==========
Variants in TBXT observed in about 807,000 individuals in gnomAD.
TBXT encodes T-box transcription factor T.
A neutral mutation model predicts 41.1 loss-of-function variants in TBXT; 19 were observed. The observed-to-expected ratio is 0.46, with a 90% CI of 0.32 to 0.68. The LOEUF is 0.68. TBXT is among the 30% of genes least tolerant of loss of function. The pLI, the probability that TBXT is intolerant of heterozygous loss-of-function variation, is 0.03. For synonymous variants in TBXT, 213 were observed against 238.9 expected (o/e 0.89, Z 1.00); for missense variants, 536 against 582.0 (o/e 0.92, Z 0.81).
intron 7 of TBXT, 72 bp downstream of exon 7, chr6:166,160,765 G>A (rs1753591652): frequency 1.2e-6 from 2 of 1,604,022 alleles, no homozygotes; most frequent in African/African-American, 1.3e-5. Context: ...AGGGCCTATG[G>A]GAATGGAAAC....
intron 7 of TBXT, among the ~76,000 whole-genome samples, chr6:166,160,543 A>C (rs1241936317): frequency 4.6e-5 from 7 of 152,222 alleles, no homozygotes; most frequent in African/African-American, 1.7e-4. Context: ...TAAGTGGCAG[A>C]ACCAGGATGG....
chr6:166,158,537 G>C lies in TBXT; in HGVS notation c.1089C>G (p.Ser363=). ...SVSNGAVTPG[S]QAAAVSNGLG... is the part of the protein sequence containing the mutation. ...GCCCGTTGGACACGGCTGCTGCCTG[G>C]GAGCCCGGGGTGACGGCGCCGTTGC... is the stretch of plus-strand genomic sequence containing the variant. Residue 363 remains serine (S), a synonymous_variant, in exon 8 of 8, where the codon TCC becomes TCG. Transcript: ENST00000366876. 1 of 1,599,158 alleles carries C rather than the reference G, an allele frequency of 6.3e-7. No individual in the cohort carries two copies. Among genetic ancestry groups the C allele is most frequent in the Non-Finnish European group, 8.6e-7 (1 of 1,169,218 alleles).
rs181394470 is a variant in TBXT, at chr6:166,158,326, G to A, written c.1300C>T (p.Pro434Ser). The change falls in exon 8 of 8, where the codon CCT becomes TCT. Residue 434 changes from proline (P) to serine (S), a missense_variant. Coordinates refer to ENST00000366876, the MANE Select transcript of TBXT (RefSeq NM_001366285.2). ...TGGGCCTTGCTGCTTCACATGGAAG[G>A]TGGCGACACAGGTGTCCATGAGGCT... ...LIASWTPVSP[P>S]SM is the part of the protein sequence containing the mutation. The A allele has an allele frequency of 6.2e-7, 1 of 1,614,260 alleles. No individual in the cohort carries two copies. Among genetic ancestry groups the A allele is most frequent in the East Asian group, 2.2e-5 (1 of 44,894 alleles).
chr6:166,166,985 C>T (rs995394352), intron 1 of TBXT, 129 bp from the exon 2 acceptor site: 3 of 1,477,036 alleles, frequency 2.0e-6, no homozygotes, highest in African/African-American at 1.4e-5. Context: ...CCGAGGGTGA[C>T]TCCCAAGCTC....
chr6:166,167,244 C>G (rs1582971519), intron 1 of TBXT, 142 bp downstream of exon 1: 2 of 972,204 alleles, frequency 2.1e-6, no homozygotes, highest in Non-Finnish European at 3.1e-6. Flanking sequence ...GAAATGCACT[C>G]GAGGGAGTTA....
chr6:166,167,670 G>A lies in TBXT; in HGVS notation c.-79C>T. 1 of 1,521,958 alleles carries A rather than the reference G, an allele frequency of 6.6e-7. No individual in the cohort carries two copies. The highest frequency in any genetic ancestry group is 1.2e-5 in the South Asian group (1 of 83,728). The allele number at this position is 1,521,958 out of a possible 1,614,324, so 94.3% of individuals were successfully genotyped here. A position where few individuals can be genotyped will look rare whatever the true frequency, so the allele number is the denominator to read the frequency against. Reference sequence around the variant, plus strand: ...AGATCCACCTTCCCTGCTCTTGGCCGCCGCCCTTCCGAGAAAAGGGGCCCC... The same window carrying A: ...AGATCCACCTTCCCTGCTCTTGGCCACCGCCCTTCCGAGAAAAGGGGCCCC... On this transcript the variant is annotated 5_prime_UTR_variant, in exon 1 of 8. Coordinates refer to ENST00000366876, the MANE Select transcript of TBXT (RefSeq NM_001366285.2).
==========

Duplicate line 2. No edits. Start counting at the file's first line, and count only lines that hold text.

TBXT encodes T-box transcription factor T.